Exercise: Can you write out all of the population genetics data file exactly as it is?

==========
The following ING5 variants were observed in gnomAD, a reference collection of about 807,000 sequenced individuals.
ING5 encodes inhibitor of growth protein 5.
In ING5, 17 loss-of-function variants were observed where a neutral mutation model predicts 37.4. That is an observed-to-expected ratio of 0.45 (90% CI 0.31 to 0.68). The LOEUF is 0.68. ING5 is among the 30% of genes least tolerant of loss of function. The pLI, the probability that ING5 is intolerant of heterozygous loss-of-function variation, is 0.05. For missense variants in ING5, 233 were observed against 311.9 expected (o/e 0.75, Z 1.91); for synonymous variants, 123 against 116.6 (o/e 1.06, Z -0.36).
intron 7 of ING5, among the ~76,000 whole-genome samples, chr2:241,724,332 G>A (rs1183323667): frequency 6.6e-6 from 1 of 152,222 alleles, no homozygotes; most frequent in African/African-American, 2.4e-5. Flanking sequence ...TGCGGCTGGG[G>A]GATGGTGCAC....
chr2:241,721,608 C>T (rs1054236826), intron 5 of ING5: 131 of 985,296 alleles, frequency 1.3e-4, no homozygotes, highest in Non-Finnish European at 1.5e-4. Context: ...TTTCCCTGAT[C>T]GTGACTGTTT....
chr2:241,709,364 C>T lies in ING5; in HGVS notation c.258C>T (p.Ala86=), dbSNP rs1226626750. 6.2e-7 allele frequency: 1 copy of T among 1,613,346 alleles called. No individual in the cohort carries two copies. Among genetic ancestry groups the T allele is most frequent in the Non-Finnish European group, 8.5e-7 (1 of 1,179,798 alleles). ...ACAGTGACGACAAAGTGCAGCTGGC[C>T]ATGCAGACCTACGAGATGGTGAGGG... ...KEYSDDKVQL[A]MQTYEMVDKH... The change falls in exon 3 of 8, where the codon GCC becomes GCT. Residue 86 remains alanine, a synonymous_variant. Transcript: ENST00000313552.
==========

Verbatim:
The following ING5 variants were observed in gnomAD, a reference collection of about 807,000 sequenced individuals.
ING5 encodes inhibitor of growth protein 5.
In ING5, 17 loss-of-function variants were observed where a neutral mutation model predicts 37.4. That is an observed-to-expected ratio of 0.45 (90% CI 0.31 to 0.68). The LOEUF is 0.68. ING5 is among the 30% of genes least tolerant of loss of function. The pLI, the probability that ING5 is intolerant of heterozygous loss-of-function variation, is 0.05. For missense variants in ING5, 233 were observed against 311.9 expected (o/e 0.75, Z 1.91); for synonymous variants, 123 against 116.6 (o/e 1.06, Z -0.36).
intron 7 of ING5, among the ~76,000 whole-genome samples, chr2:241,724,332 G>A (rs1183323667): frequency 6.6e-6 from 1 of 152,222 alleles, no homozygotes; most frequent in African/African-American, 2.4e-5. Flanking sequence ...TGCGGCTGGG[G>A]GATGGTGCAC....
chr2:241,721,608 C>T (rs1054236826), intron 5 of ING5: 131 of 985,296 alleles, frequency 1.3e-4, no homozygotes, highest in Non-Finnish European at 1.5e-4. Context: ...TTTCCCTGAT[C>T]GTGACTGTTT....
chr2:241,709,364 C>T lies in ING5; in HGVS notation c.258C>T (p.Ala86=), dbSNP rs1226626750. 6.2e-7 allele frequency: 1 copy of T among 1,613,346 alleles called. No individual in the cohort carries two copies. Among genetic ancestry groups the T allele is most frequent in the Non-Finnish European group, 8.5e-7 (1 of 1,179,798 alleles). ...ACAGTGACGACAAAGTGCAGCTGGC[C>T]ATGCAGACCTACGAGATGGTGAGGG... ...KEYSDDKVQL[A]MQTYEMVDKH... The change falls in exon 3 of 8, where the codon GCC becomes GCT. Residue 86 remains alanine, a synonymous_variant. Transcript: ENST00000313552.